10/23/2017
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US drops former Al-Shabab leader from 'RFJ List’

Hiiraan Online
Friday June 23, 2017

Robow, the former spokesman for Al-Shabaab at a press conference. FILE PHOTO

Mogadishu (HOL) - According to the VOA, The United States has removed the ex-Deputy Leader of Al Shabaab from it’s Reward for Justice (RFJ) list on Friday.

The United States Treasury Department’s Office of Foreign Assets Control (OFAC) designated Sheikh Mukhtar Robow Abu Mansour - the former commander and spokesman for Al-Shabaab - a Specially Designated Global Terrorist (SDGT) on under Executive Order 13224 on November 20, 2008.

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Abu Mansour had a USD $5 million bounty placed on him for information leading to his location on June 7, 2012.

The Al-Shabaab leader dismissed the bounty at the time saying “If [the U.S. government] can harm me, I [say] now that I am here in Burhakaba town and also I can move freely in Somalia.”

The official said Robow's removal followed consultations with the Somali government.

One of the original founders of Al-Shabaab, Sheikh Mukhtar Robow fell out with the leadership of the late emir Ahmed Abdi Godane (Mukhtar Abu Zubair) over the use of foreign fighters. The ensuing row split Al-Shabaab into two factions and eventually led to the death of American fighter Omar Hammami and the defection of Sheikh Hassan Dahir Aweys. It has been widely reported that Mukhtar Robow also defected to the Somali government since 2013 although this has never been confirmed by Somali authorities.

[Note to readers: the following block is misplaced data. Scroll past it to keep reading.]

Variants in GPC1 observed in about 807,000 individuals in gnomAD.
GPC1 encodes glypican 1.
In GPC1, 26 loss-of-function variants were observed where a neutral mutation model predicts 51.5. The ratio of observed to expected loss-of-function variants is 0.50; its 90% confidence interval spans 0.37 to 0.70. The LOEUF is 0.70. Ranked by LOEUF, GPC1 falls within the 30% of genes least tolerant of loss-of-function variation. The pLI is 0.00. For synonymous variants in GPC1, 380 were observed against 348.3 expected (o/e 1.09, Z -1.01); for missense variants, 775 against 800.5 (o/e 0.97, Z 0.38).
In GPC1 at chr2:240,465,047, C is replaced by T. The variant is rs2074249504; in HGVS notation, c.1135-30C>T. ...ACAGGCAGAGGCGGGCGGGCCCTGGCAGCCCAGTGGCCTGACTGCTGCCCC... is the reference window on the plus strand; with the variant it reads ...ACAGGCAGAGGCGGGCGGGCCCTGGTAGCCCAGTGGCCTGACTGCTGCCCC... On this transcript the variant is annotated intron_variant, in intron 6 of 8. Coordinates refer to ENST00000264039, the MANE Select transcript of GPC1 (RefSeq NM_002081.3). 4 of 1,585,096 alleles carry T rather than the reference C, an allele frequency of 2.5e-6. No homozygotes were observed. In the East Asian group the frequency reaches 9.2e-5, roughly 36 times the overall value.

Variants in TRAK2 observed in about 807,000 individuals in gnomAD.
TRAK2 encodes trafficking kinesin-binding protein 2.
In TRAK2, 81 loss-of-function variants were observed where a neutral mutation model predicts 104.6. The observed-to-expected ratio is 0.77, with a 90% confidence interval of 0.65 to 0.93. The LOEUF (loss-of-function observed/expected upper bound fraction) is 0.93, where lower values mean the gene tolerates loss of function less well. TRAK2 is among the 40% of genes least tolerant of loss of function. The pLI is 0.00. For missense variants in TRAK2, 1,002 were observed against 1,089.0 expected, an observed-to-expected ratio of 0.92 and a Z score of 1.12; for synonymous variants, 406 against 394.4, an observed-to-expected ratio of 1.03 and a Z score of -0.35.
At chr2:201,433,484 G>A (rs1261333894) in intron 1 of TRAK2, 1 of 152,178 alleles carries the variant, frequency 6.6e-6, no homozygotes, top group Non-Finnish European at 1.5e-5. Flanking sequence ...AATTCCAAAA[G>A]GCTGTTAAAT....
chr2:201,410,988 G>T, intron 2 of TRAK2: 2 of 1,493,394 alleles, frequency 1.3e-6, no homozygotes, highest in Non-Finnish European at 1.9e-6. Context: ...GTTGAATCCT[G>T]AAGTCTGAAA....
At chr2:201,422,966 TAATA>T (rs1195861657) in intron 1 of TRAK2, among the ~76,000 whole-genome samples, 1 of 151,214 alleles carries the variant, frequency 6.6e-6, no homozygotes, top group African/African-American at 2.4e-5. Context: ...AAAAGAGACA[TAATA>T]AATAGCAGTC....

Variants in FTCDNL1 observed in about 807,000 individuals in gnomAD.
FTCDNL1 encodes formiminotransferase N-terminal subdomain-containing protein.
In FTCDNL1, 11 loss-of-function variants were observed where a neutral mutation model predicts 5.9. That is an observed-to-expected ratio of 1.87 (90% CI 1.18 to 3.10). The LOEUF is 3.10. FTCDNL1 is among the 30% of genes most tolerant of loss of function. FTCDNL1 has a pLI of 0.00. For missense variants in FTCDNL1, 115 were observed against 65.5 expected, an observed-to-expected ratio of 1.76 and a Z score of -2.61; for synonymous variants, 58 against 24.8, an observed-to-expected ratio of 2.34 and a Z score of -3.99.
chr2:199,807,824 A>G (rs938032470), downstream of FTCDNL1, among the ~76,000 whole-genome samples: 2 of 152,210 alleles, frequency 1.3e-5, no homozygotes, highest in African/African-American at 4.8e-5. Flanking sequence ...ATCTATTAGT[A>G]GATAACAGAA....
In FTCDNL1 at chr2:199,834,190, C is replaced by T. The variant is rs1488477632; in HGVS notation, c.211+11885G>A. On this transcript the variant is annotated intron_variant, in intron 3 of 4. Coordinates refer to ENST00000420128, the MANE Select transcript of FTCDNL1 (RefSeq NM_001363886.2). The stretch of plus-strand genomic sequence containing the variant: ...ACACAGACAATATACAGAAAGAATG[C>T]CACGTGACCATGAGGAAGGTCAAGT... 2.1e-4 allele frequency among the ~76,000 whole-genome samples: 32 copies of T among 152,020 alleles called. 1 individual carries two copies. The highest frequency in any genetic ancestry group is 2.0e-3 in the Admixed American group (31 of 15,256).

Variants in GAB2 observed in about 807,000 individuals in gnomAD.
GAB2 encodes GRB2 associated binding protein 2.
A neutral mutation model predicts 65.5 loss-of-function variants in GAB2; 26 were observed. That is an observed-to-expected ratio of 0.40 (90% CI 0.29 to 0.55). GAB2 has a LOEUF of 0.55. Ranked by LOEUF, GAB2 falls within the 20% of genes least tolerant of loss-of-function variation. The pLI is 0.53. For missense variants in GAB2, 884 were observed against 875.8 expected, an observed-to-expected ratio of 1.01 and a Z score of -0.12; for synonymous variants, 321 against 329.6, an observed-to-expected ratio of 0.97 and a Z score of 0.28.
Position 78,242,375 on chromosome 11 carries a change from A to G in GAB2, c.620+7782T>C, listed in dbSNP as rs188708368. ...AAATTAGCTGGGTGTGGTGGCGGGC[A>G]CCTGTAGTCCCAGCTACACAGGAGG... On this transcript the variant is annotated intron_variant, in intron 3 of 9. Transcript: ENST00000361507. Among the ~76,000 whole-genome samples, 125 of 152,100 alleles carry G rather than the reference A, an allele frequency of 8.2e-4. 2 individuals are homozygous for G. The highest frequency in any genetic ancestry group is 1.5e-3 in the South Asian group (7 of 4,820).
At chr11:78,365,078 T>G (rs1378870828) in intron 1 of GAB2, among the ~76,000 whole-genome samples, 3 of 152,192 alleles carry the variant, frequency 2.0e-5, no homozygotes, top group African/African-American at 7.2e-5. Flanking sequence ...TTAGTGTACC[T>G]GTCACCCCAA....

The removal follows reports that the Somali government is in talks with Robow.

An official list of Specially Designated Nationals and Blocked Persons from the Office of Foreign Assets Control published on June 21, 2017, still, includes Sheikh Mukhtar Robow. The US government - through either the State Department or Treasury Department have yet to make a public statement regarding the removal.

Robow remains subject to U.S. sanctions imposed against him in November 2008 when he was identified as a "specially designated global terrorist," but there is no longer a bounty on his head.

The list is published regularly by OFAC and includes individuals and companies tied to terrorism, drug trafficking or supporting target countries.



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